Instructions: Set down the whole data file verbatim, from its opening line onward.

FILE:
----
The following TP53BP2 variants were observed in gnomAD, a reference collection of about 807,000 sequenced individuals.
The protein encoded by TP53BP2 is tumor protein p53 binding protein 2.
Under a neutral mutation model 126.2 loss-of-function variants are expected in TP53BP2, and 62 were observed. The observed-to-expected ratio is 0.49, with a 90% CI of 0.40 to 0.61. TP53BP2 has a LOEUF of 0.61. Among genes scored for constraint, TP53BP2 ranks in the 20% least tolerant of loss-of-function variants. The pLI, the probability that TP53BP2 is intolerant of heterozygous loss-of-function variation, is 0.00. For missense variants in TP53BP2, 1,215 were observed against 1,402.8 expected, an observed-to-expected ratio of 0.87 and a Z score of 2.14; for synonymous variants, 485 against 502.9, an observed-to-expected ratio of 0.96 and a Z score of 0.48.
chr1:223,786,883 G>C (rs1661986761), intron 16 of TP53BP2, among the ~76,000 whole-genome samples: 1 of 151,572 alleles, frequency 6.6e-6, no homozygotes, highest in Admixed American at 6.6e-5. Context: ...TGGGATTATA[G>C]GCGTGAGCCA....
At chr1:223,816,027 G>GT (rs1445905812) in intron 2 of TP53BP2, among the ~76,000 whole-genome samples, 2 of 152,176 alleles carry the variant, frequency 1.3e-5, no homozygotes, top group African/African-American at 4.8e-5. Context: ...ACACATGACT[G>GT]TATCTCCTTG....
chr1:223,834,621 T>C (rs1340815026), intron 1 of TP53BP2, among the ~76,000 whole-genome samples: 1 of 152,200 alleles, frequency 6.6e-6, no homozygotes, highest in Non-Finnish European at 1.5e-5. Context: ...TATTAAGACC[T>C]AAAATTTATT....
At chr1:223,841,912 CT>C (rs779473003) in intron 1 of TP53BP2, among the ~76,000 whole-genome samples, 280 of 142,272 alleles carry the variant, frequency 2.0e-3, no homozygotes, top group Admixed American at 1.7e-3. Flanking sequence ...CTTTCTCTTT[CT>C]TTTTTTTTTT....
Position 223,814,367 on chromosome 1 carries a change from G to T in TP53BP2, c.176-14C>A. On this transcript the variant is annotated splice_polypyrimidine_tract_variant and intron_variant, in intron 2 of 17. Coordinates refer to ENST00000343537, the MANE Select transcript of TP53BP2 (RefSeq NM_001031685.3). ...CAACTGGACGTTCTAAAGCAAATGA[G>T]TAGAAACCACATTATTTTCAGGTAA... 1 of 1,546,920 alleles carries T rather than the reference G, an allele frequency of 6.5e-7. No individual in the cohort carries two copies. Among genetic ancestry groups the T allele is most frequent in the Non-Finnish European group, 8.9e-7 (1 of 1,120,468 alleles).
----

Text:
The following TP53BP2 variants were observed in gnomAD, a reference collection of about 807,000 sequenced individuals.
The protein encoded by TP53BP2 is tumor protein p53 binding protein 2.
Under a neutral mutation model 126.2 loss-of-function variants are expected in TP53BP2, and 62 were observed. The observed-to-expected ratio is 0.49, with a 90% CI of 0.40 to 0.61. TP53BP2 has a LOEUF of 0.61. Among genes scored for constraint, TP53BP2 ranks in the 20% least tolerant of loss-of-function variants. The pLI, the probability that TP53BP2 is intolerant of heterozygous loss-of-function variation, is 0.00. For missense variants in TP53BP2, 1,215 were observed against 1,402.8 expected, an observed-to-expected ratio of 0.87 and a Z score of 2.14; for synonymous variants, 485 against 502.9, an observed-to-expected ratio of 0.96 and a Z score of 0.48.
chr1:223,786,883 G>C (rs1661986761), intron 16 of TP53BP2, among the ~76,000 whole-genome samples: 1 of 151,572 alleles, frequency 6.6e-6, no homozygotes, highest in Admixed American at 6.6e-5. Context: ...TGGGATTATA[G>C]GCGTGAGCCA....
At chr1:223,816,027 G>GT (rs1445905812) in intron 2 of TP53BP2, among the ~76,000 whole-genome samples, 2 of 152,176 alleles carry the variant, frequency 1.3e-5, no homozygotes, top group African/African-American at 4.8e-5. Context: ...ACACATGACT[G>GT]TATCTCCTTG....
chr1:223,834,621 T>C (rs1340815026), intron 1 of TP53BP2, among the ~76,000 whole-genome samples: 1 of 152,200 alleles, frequency 6.6e-6, no homozygotes, highest in Non-Finnish European at 1.5e-5. Context: ...TATTAAGACC[T>C]AAAATTTATT....
At chr1:223,841,912 CT>C (rs779473003) in intron 1 of TP53BP2, among the ~76,000 whole-genome samples, 280 of 142,272 alleles carry the variant, frequency 2.0e-3, no homozygotes, top group Admixed American at 1.7e-3. Flanking sequence ...CTTTCTCTTT[CT>C]TTTTTTTTTT....
Position 223,814,367 on chromosome 1 carries a change from G to T in TP53BP2, c.176-14C>A. On this transcript the variant is annotated splice_polypyrimidine_tract_variant and intron_variant, in intron 2 of 17. Coordinates refer to ENST00000343537, the MANE Select transcript of TP53BP2 (RefSeq NM_001031685.3). ...CAACTGGACGTTCTAAAGCAAATGA[G>T]TAGAAACCACATTATTTTCAGGTAA... 1 of 1,546,920 alleles carries T rather than the reference G, an allele frequency of 6.5e-7. No individual in the cohort carries two copies. Among genetic ancestry groups the T allele is most frequent in the Non-Finnish European group, 8.9e-7 (1 of 1,120,468 alleles).